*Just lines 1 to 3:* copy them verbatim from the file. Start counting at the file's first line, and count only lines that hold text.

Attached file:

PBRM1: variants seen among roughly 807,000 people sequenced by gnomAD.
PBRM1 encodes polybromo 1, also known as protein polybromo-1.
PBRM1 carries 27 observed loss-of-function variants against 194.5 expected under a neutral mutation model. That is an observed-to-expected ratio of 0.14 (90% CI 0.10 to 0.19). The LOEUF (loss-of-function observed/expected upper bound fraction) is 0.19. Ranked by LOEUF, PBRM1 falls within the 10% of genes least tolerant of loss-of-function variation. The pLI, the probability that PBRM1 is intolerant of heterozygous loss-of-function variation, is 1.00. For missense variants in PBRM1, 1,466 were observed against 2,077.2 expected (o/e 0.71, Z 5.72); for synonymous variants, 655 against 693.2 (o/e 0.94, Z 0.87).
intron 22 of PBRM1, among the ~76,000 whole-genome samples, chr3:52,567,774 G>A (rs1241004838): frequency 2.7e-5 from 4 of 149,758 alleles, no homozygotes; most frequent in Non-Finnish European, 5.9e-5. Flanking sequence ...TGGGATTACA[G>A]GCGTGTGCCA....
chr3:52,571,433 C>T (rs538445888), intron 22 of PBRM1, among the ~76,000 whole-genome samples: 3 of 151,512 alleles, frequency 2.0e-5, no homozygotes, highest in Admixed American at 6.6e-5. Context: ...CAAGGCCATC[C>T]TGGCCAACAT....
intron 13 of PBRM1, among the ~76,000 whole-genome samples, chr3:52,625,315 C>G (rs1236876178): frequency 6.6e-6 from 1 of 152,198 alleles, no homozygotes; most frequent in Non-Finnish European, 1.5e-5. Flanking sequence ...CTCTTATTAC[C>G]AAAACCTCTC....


PBRM1: variants seen among roughly 807,000 people sequenced by gnomAD.
PBRM1 encodes polybromo 1, also known as protein polybromo-1.
PBRM1 carries 27 observed loss-of-function variants against 194.5 expected under a neutral mutation model. That is an observed-to-expected ratio of 0.14 (90% CI 0.10 to 0.19). The LOEUF (loss-of-function observed/expected upper bound fraction) is 0.19. Ranked by LOEUF, PBRM1 falls within the 10% of genes least tolerant of loss-of-function variation. The pLI, the probability that PBRM1 is intolerant of heterozygous loss-of-function variation, is 1.00. For missense variants in PBRM1, 1,466 were observed against 2,077.2 expected (o/e 0.71, Z 5.72); for synonymous variants, 655 against 693.2 (o/e 0.94, Z 0.87).